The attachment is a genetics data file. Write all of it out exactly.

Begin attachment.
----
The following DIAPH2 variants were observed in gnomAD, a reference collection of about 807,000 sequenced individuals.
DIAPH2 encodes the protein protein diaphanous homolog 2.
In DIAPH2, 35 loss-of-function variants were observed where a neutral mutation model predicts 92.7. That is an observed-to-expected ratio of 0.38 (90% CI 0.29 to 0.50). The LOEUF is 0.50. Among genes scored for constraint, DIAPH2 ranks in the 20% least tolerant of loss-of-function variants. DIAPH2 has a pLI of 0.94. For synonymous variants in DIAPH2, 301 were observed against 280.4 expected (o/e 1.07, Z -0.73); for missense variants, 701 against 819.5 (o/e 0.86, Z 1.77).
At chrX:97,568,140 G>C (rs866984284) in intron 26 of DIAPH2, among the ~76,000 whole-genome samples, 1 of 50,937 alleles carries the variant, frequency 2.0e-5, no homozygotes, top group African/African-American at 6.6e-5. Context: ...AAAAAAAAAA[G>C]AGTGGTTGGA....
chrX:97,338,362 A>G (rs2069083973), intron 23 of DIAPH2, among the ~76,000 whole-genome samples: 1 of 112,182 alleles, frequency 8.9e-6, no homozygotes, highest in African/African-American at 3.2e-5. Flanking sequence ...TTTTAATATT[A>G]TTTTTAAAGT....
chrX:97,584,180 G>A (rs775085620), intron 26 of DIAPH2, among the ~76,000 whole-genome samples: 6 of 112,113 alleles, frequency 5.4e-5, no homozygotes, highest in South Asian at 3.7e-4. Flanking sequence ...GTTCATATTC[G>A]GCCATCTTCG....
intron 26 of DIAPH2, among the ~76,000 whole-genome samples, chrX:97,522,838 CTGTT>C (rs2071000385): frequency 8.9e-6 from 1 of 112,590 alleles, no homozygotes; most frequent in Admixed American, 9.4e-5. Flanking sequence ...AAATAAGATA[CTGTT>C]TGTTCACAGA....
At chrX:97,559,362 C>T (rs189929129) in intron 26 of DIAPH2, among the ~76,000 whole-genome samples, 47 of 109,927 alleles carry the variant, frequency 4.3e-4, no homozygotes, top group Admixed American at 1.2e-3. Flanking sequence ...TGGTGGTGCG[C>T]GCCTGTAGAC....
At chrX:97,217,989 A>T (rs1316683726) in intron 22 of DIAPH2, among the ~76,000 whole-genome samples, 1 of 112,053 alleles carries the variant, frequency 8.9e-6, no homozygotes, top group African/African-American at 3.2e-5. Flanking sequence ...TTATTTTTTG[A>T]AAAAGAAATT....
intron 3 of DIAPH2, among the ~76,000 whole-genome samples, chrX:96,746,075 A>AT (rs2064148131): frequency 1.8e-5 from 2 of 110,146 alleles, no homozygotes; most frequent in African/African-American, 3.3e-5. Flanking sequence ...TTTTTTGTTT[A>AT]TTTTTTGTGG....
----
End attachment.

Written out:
The following DIAPH2 variants were observed in gnomAD, a reference collection of about 807,000 sequenced individuals.
DIAPH2 encodes the protein protein diaphanous homolog 2.
In DIAPH2, 35 loss-of-function variants were observed where a neutral mutation model predicts 92.7. That is an observed-to-expected ratio of 0.38 (90% CI 0.29 to 0.50). The LOEUF is 0.50. Among genes scored for constraint, DIAPH2 ranks in the 20% least tolerant of loss-of-function variants. DIAPH2 has a pLI of 0.94. For synonymous variants in DIAPH2, 301 were observed against 280.4 expected (o/e 1.07, Z -0.73); for missense variants, 701 against 819.5 (o/e 0.86, Z 1.77).
At chrX:97,568,140 G>C (rs866984284) in intron 26 of DIAPH2, among the ~76,000 whole-genome samples, 1 of 50,937 alleles carries the variant, frequency 2.0e-5, no homozygotes, top group African/African-American at 6.6e-5. Context: ...AAAAAAAAAA[G>C]AGTGGTTGGA....
chrX:97,338,362 A>G (rs2069083973), intron 23 of DIAPH2, among the ~76,000 whole-genome samples: 1 of 112,182 alleles, frequency 8.9e-6, no homozygotes, highest in African/African-American at 3.2e-5. Flanking sequence ...TTTTAATATT[A>G]TTTTTAAAGT....
chrX:97,584,180 G>A (rs775085620), intron 26 of DIAPH2, among the ~76,000 whole-genome samples: 6 of 112,113 alleles, frequency 5.4e-5, no homozygotes, highest in South Asian at 3.7e-4. Flanking sequence ...GTTCATATTC[G>A]GCCATCTTCG....
intron 26 of DIAPH2, among the ~76,000 whole-genome samples, chrX:97,522,838 CTGTT>C (rs2071000385): frequency 8.9e-6 from 1 of 112,590 alleles, no homozygotes; most frequent in Admixed American, 9.4e-5. Flanking sequence ...AAATAAGATA[CTGTT>C]TGTTCACAGA....
At chrX:97,559,362 C>T (rs189929129) in intron 26 of DIAPH2, among the ~76,000 whole-genome samples, 47 of 109,927 alleles carry the variant, frequency 4.3e-4, no homozygotes, top group Admixed American at 1.2e-3. Flanking sequence ...TGGTGGTGCG[C>T]GCCTGTAGAC....
At chrX:97,217,989 A>T (rs1316683726) in intron 22 of DIAPH2, among the ~76,000 whole-genome samples, 1 of 112,053 alleles carries the variant, frequency 8.9e-6, no homozygotes, top group African/African-American at 3.2e-5. Flanking sequence ...TTATTTTTTG[A>T]AAAAGAAATT....
intron 3 of DIAPH2, among the ~76,000 whole-genome samples, chrX:96,746,075 A>AT (rs2064148131): frequency 1.8e-5 from 2 of 110,146 alleles, no homozygotes; most frequent in African/African-American, 3.3e-5. Flanking sequence ...TTTTTTGTTT[A>AT]TTTTTTGTGG....